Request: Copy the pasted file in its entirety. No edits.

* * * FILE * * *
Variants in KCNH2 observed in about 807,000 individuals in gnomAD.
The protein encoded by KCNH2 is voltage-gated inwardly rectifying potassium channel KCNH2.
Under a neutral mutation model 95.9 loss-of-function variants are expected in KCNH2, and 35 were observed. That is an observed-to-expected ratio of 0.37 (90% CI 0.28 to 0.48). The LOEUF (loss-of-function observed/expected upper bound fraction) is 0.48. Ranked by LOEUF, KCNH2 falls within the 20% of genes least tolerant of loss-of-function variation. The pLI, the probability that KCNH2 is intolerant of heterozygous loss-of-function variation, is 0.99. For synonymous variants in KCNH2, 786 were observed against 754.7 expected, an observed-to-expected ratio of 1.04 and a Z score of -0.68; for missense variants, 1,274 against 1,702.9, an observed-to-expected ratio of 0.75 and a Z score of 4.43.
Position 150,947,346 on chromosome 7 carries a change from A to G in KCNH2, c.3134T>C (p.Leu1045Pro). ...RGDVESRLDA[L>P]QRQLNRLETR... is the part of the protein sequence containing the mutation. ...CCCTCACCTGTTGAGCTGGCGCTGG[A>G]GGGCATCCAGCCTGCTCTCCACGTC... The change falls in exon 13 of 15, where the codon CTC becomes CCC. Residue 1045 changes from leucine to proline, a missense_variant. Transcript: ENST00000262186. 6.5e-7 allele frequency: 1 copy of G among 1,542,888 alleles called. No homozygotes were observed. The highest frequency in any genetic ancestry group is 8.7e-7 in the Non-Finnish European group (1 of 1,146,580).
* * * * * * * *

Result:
Variants in KCNH2 observed in about 807,000 individuals in gnomAD.
The protein encoded by KCNH2 is voltage-gated inwardly rectifying potassium channel KCNH2.
Under a neutral mutation model 95.9 loss-of-function variants are expected in KCNH2, and 35 were observed. That is an observed-to-expected ratio of 0.37 (90% CI 0.28 to 0.48). The LOEUF (loss-of-function observed/expected upper bound fraction) is 0.48. Ranked by LOEUF, KCNH2 falls within the 20% of genes least tolerant of loss-of-function variation. The pLI, the probability that KCNH2 is intolerant of heterozygous loss-of-function variation, is 0.99. For synonymous variants in KCNH2, 786 were observed against 754.7 expected, an observed-to-expected ratio of 1.04 and a Z score of -0.68; for missense variants, 1,274 against 1,702.9, an observed-to-expected ratio of 0.75 and a Z score of 4.43.
Position 150,947,346 on chromosome 7 carries a change from A to G in KCNH2, c.3134T>C (p.Leu1045Pro). ...RGDVESRLDA[L>P]QRQLNRLETR... is the part of the protein sequence containing the mutation. ...CCCTCACCTGTTGAGCTGGCGCTGG[A>G]GGGCATCCAGCCTGCTCTCCACGTC... The change falls in exon 13 of 15, where the codon CTC becomes CCC. Residue 1045 changes from leucine to proline, a missense_variant. Transcript: ENST00000262186. 6.5e-7 allele frequency: 1 copy of G among 1,542,888 alleles called. No homozygotes were observed. The highest frequency in any genetic ancestry group is 8.7e-7 in the Non-Finnish European group (1 of 1,146,580).